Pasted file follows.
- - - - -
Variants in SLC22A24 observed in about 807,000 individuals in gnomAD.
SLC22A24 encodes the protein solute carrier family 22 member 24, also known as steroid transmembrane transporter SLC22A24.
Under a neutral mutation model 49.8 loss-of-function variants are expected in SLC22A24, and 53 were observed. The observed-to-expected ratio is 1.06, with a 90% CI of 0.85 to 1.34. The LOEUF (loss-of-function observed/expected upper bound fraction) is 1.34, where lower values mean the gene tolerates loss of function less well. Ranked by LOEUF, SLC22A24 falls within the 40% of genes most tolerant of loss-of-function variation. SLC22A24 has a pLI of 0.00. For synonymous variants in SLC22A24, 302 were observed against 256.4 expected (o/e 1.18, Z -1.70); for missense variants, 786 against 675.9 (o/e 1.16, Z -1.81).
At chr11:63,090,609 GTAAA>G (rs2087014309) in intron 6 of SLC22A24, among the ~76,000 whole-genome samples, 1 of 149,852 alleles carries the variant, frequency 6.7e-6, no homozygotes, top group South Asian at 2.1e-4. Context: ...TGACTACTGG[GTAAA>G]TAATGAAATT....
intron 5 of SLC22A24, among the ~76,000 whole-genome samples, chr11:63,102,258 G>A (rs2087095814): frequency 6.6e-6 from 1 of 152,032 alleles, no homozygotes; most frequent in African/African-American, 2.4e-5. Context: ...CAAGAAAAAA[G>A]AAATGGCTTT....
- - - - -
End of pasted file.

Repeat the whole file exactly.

Variants in SLC22A24 observed in about 807,000 individuals in gnomAD.
SLC22A24 encodes the protein solute carrier family 22 member 24, also known as steroid transmembrane transporter SLC22A24.
Under a neutral mutation model 49.8 loss-of-function variants are expected in SLC22A24, and 53 were observed. The observed-to-expected ratio is 1.06, with a 90% CI of 0.85 to 1.34. The LOEUF (loss-of-function observed/expected upper bound fraction) is 1.34, where lower values mean the gene tolerates loss of function less well. Ranked by LOEUF, SLC22A24 falls within the 40% of genes most tolerant of loss-of-function variation. SLC22A24 has a pLI of 0.00. For synonymous variants in SLC22A24, 302 were observed against 256.4 expected (o/e 1.18, Z -1.70); for missense variants, 786 against 675.9 (o/e 1.16, Z -1.81).
At chr11:63,090,609 GTAAA>G (rs2087014309) in intron 6 of SLC22A24, among the ~76,000 whole-genome samples, 1 of 149,852 alleles carries the variant, frequency 6.7e-6, no homozygotes, top group South Asian at 2.1e-4. Context: ...TGACTACTGG[GTAAA>G]TAATGAAATT....
intron 5 of SLC22A24, among the ~76,000 whole-genome samples, chr11:63,102,258 G>A (rs2087095814): frequency 6.6e-6 from 1 of 152,032 alleles, no homozygotes; most frequent in African/African-American, 2.4e-5. Context: ...CAAGAAAAAA[G>A]AAATGGCTTT....